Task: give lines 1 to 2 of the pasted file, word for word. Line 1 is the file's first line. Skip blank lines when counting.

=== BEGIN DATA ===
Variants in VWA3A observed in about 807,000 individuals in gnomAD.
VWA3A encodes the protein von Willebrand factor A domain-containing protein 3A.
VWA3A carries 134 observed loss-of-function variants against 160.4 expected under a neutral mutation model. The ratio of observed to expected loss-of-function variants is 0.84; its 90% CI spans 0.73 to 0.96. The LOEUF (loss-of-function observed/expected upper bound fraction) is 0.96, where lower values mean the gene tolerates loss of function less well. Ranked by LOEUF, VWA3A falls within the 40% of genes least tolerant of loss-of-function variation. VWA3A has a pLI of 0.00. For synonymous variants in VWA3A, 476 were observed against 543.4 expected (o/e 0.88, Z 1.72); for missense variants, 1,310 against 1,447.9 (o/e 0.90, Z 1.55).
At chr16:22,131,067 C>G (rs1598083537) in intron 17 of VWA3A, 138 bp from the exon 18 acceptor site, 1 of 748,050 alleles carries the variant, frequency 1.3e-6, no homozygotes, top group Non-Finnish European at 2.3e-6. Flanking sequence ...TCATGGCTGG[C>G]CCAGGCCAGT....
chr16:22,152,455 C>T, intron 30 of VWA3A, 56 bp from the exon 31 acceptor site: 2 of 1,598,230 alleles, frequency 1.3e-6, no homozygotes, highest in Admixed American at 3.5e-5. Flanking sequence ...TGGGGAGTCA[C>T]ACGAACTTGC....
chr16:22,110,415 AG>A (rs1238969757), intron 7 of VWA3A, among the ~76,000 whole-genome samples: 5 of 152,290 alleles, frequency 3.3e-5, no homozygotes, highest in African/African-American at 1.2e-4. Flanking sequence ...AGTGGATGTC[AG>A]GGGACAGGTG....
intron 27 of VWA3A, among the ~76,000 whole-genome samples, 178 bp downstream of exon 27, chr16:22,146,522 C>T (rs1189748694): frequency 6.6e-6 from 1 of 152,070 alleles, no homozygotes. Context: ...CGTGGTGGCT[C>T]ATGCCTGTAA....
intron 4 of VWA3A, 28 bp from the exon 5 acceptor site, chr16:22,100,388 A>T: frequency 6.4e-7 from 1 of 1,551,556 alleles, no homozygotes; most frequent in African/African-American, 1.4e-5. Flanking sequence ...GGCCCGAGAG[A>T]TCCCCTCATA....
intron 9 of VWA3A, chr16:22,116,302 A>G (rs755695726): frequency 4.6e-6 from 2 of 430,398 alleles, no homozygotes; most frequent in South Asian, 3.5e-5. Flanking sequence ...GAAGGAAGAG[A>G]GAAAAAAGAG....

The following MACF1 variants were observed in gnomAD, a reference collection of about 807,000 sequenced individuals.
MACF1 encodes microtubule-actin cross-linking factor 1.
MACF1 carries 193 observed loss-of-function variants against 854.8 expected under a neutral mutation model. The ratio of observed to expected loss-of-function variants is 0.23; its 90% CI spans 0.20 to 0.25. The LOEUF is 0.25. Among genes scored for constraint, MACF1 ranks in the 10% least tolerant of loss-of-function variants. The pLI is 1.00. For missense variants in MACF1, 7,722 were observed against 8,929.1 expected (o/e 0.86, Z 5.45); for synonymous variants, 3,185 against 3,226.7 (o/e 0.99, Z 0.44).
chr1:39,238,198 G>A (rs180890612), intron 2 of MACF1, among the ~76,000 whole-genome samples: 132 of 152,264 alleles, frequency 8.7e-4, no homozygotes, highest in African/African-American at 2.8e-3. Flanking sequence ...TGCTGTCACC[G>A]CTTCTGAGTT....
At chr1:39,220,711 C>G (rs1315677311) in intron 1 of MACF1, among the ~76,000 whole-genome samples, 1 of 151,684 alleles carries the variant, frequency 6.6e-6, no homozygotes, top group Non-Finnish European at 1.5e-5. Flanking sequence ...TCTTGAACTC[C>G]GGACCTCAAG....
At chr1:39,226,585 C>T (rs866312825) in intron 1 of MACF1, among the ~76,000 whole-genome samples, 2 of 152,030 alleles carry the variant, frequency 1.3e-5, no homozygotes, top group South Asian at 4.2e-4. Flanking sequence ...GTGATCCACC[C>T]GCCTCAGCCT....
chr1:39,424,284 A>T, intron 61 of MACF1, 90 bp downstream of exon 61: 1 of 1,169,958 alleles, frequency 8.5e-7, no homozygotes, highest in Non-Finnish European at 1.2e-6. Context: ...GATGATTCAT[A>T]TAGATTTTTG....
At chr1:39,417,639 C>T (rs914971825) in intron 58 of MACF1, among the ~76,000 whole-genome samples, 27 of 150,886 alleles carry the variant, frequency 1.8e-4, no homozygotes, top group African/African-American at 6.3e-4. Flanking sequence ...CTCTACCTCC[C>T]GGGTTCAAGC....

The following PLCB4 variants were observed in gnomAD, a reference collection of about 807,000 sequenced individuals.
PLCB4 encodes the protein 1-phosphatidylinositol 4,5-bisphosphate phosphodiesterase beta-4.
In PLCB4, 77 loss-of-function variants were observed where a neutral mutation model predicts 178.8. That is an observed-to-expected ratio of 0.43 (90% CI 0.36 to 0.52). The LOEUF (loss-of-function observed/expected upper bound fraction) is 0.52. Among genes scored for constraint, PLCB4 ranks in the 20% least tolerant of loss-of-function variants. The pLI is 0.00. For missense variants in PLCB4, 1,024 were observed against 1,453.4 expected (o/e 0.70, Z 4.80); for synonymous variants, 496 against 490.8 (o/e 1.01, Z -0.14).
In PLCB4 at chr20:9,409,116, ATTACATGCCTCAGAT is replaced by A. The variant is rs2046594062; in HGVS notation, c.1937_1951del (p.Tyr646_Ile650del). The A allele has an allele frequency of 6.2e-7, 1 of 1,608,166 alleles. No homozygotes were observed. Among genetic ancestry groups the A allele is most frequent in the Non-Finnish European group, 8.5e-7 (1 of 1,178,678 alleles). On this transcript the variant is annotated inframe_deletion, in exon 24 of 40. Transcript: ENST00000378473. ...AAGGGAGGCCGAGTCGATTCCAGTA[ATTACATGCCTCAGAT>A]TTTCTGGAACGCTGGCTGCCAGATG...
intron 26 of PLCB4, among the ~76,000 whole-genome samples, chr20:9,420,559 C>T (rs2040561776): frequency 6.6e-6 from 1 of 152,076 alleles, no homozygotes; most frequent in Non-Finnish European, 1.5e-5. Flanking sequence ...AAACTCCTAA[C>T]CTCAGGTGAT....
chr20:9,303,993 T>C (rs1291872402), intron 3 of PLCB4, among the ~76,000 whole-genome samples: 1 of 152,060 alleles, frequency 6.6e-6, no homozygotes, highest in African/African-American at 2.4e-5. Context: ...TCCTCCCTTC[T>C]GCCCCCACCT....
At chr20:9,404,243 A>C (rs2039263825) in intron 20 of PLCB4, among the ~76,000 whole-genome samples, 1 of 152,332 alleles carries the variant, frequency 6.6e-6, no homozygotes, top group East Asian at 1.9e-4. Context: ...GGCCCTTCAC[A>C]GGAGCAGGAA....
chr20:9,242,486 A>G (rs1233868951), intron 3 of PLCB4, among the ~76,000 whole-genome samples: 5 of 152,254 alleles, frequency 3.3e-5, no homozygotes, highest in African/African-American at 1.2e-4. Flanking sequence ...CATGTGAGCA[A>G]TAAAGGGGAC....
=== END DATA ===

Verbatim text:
Variants in VWA3A observed in about 807,000 individuals in gnomAD.
VWA3A encodes the protein von Willebrand factor A domain-containing protein 3A.